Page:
In a surprise move, Rabbi Yehuda Kolko, the Brooklyn yeshiva teacher charged with having sexually molested his students, pleaded guilty Monday to two lesser counts of child endangerment and was sentenced to three years’ probation.
Under the plea agreement, Rabbi Kolko, 62, made no admission of sexual wrongdoing. He will not have to register as a sex offender, and pleaded guilty only to a misdemeanor — not a felony.
How do you preserve a culture and yet move forward in a changing world? That dilemma is at the heart of the Jewish experience, so it comes as no great shock that almost all the films in this year’s New York Sephardic Jewish Film Festival center on that theme. The documentaries in this year’s event are particularly sensitive to the nuances of evolving cultures and the results are frequently as dramatic and poignant as you will find in any fiction feature this year.
Thirty years after the Revolution, a new generation here is breaking free of their parents’ insularity but holding onto their Persian heritage.
Arranged meticulously across a wooden dining table was a Shabbat meal that could have served 30 — fluffy gondhi, “Persian
Meatballs,” still steaming from their broth, Middle Eastern salads and ghormeh sabzi, a green vegetable stew. A Shabbat candle hovered between a spread of tahdig, a crispy rice dish, and shirini polo, a sweet rice blended with almond slivers, orange peels and pistachios.
It’s been so long since I celebrated the High Holidays as a layperson that I’ve almost forgotten what it felt like. Truth to tell, I miss the chance to have those precious days be cathartic for me personally, as opposed to being focused on making them cathartic for others. The pressure on rabbis and cantors to “be at their best” during this season is enormous, for all the obvious reasons. As my nephew would say, “it is what it is.”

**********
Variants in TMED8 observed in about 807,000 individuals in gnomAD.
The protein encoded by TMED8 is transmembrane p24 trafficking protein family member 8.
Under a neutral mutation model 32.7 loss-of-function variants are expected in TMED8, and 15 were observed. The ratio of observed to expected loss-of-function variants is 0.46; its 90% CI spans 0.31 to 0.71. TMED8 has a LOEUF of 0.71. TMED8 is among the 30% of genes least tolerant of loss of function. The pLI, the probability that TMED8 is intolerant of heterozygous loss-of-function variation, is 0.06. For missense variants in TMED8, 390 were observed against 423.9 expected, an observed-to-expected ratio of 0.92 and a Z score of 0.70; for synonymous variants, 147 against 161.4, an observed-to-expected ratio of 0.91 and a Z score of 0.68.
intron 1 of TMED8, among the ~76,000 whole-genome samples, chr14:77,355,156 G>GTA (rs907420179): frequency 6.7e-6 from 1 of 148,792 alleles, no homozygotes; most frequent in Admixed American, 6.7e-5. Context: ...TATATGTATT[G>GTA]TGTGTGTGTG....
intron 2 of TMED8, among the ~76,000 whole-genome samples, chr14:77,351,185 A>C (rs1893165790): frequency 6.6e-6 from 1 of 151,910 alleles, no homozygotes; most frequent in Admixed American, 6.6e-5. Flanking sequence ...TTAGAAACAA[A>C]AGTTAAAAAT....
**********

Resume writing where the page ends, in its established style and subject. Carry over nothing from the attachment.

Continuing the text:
In lieu of a regular posting this week, I am sharing with you the message that I delivered in my own congregation in Forest Hills on the second day of Rosh Hashanah.
I do so because it speaks to a subject that I think needs to be on our communal agenda, and about which I feel passionately: how and about what we in the Jewish community disagree, and its implications for our relationship with the world as a whole, and particularly with Israel.
Conservative shul hopes new center will be spur to membership.
Special To The Jewish Week
After sending her two daughters to nursery school in portable classrooms at Temple Beth Sholom, Rachel Schor was thrilled that her 2-year-old son Noah would be among the first preschoolers to start the school year in a new, state-of-the-art, eco-friendly building.
Personal experiences draw big crowd to school’s campus, even as rabbis reaffirm ‘abomination’ of homosexual acts.
A standing-room-only public forum last week at Yeshiva University could take the discussion about gay Jews in the Orthodox community from a single meeting hall to the entire movement, focusing on the balance between empathy for individuals and the halachic ban on homosexual activity.
An estimated 600 to 800 people last week attended “Being Gay in the Modern Orthodox World,” a panel discussion on the university’s Washington Heights campus sponsored by YU’s year-old Tolerance Club and its Wurzweiler School of Social Work.